Review Round Up: The Testaments by Margaret Atwood

Love London Love Culture rounds up the reviews for Margaret Atwood’s sequel to The Handmaid’s Tale.

The Guardian: “Perhaps no other writer has managed her own phenomenon with so much grace and skill. The Testaments is Atwood at her best, in its mixture of generosity, insight and control.” “The sequel is able to buoy you as a reader in a way The Handmaid’s Tale had no interest in doing, but sit with it and it’s still slippery and at times satisfyingly unsatisfying. This is an intriguing book from a woman who knows she can do bleak any day of the week.”

The Times: “This sequel is a rattling yarn even though it does not live up to the original.”

The Telegraph: **** “The Testaments is a much more accessible book than its brilliant yet forbidding predecessor. At times it races along like a spy thriller written by Charles Dickens, rich in suspense, coincidence and messy humanity.” “Atwood is undoubtedly clever, and knows how to turn a sentence and keep the reader sprightly over the plot. It will no doubt appeal to those who have never read her other works (Alias Grace, The Blind Assassin and Hag-Seed are far better). But as I read it, I was reminded of a different Gilead entirely; Marilynne Robinson’s book with that title. It tried to explain how to be good in a world gone wrong; but Atwood’s sequel shows merely how to be angry at the world as it is.” *** “The plot is propulsive and I finished in six hours flat. But if The Handmaid’s Tale was Atwood’s mistresspiece, The Testaments is a misstep. The Handmaid’s Tale ended on a note of interrogation: “Are there any questions?” Those questions were better left unanswered.” “It’s fun to read. It’s beautifully written. But it feels less honest than The Handmaid’s Tale did. And for that reason, it’s hard to imagine it having the samekind of grand legacy.”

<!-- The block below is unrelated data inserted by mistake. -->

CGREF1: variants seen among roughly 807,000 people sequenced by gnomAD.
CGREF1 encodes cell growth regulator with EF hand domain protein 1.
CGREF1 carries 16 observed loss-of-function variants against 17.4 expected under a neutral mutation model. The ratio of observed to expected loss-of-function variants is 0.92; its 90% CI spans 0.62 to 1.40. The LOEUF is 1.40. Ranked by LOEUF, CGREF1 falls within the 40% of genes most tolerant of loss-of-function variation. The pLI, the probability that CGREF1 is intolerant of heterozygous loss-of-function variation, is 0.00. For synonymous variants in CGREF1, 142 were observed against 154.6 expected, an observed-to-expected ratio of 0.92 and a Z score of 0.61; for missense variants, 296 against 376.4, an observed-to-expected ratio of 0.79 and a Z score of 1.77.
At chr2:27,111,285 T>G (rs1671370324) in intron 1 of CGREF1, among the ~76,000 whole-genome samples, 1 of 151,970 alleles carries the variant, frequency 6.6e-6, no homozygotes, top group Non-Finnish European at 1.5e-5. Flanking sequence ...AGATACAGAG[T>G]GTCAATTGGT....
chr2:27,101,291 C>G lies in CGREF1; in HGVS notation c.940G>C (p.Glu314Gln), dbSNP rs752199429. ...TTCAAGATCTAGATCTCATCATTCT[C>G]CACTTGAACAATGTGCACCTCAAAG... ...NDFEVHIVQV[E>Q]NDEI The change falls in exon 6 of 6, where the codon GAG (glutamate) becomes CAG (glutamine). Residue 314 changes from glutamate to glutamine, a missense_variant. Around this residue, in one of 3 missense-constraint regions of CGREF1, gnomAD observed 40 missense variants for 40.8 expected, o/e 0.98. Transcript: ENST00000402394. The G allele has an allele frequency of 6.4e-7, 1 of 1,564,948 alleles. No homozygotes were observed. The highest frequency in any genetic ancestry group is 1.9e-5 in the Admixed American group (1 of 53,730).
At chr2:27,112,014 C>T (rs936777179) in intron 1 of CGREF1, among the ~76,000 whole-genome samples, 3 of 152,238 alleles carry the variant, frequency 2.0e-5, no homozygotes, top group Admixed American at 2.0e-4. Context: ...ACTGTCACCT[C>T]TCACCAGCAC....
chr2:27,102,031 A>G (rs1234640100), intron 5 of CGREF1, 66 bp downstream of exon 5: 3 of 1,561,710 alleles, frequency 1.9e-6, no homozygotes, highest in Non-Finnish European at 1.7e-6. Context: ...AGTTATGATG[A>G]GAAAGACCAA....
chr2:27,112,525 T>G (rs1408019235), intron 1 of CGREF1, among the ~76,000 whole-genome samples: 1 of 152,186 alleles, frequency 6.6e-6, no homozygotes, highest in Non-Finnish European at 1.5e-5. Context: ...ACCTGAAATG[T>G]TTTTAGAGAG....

iNews: ***** “The Testaments is a formidable achievement that will doubtless be read in decades to come.”

Entertainment Weekly: “Atwood deftly balances her three narrators as her plot hurtles forward, but her characterization is lacking.” “All of this and a corker of a plot, culminating in a breathless flight to freedom, makes The Testaments a rare treat. The Handmaid’s Tale, while magnificent, was never that. But—let’s not kid ourselves—that’s because, of the two novels, it is the least reassuring, the least flattering, and, sadly, the most true.”

The Testaments is available to buy now.

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